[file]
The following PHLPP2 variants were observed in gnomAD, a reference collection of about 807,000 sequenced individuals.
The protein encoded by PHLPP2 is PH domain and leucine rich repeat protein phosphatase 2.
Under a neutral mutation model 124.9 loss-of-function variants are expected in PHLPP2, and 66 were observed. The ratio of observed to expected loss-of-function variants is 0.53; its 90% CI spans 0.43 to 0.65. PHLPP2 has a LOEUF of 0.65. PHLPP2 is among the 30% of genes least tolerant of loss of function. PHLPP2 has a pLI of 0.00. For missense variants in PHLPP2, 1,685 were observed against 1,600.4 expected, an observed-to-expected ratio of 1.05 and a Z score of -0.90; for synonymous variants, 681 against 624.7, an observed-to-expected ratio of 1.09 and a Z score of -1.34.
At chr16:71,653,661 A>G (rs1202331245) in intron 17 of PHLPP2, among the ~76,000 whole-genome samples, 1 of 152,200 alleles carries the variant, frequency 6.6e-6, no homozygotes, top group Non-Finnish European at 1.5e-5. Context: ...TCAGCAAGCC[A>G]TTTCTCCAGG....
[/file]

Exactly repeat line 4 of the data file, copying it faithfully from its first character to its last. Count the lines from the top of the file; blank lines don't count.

At chr16:71,653,661 A>G (rs1202331245) in intron 17 of PHLPP2, among the ~76,000 whole-genome samples, 1 of 152,200 alleles carries the variant, frequency 6.6e-6, no homozygotes, top group Non-Finnish European at 1.5e-5. Context: ...TCAGCAAGCC[A>G]TTTCTCCAGG....